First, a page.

Photo of 2016 Chevrolet Tahoe Special Service courtesy of GM.

Photo of 2016 Chevrolet Tahoe Special Service courtesy of GM.

General Motors is expanding availability of its Chevrolet Tahoe police SUV and will introduce an updated non-police Chevrolet Impala for government agencies for the 2017 model year, according to the company.

GM will offer the 10th-generation Chevrolet Impala that was redeisgned for the 2014 model year to fleets and has discountinued the Impala Limited — the ninth-generation car that was offered as a pursuit vehicle, unmarked detective car, and administrative pool vehicle.

"In 2017, the front-wheel-drive Impala 1FL will Impala will be offered to government fleets as the 1FL trim package will now be available with a 3.6L V-6 that can run on E-85," said Brian Bowden, GM's government sales manager. "It is the perfect administrative vehicle for government fleets, based on size, cargo space, safety features and fuel economy."

This year, the Impala earned the Vincentric Best Fleet Value in America award in the large sedan category for the third time. GM will offer fleet incentives on the vehicle.

Chevrolet has also been able to increase availability of its law enforcement Tahoe, which is available in three models, including the pursuit-rated Tahoe PPV in two-wheel drive and automatic four-wheel drive (4x4), as well as the Tahoe Special Service in four-wheel drive.

"We see a market shift from cars to trucks, and we feel our platform is best suited for law enforcement customers when you consider what police officers put their vehicles through every day," said Bowden. "The Tahoe provides not only durability, but officer comfort, ample cargo capacity and officer safety."

Photo of 2017 Chevrolet Impala courtesy of GM.

Photo of 2017 Chevrolet Impala courtesy of GM.

This increased availability of the law enforcement Tahoe comes after GM invested $1.4 billion in its Arlington, Texas assembly plant that builds fleet and retail Tahoes. The investment increased capacity, efficiency and also added a third shift of production.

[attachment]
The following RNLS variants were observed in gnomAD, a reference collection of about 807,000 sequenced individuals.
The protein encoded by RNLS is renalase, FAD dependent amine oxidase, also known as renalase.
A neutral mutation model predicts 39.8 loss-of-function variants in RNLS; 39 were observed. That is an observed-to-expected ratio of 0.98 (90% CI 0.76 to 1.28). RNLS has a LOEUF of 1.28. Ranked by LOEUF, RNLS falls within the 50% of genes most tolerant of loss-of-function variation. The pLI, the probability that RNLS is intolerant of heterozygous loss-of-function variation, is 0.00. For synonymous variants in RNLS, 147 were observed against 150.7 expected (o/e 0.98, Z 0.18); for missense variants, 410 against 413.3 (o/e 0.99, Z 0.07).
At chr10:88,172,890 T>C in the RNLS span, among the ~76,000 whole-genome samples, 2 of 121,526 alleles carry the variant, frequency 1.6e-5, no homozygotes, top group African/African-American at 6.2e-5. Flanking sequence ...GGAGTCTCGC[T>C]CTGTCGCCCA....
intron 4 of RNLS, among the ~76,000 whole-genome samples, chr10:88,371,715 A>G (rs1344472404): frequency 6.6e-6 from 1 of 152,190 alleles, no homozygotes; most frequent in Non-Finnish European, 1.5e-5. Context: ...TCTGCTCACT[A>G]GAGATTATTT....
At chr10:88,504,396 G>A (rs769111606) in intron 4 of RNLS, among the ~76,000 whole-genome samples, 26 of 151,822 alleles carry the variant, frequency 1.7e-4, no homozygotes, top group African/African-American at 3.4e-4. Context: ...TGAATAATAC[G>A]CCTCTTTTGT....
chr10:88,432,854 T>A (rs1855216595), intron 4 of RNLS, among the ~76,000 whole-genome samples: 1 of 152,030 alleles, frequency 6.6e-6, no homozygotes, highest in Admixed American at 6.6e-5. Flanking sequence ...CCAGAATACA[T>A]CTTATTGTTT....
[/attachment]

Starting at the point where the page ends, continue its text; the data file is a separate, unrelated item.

"We put the pieces in place to support this product," said Robert Wheeler, GM's fleet and commercial spokesman. "We're here to stay. The product is not going anywhere."

Demand for the Tahoe has reached "historic levels" in part because of its strong residual value, Wheeler said. After three years of ownership, a Tahoe purchased in April would retain 51% of its value, according to ALG data cited by GM. The vehicle would have 72,000 miles after three years.

General Motors will also offer the Chevrolet Silverado Special Service truck and the Chevrolet Caprice PPV patol car for the 2017-MY, said Dana Hammer, GM's manager of law enforcement product sales.

"We've developed the Silverado Special Service for rural sheriffs or police departments who need to go off-road, and commercial vehicle enforcement, for parks and wildlife wardens who carry different gear and equipment," said Hammer. "And for fire chiefs who arrive in truck with some special equipment."

About the author
Paul Clinton

Paul Clinton

Former Senior Web Editor

Paul Clinton covered an array of fleet and automotive topics for Automotive Fleet, Government Fleet, Mobile Electronics, Police Magazine, and other Bobit Business Media publications.

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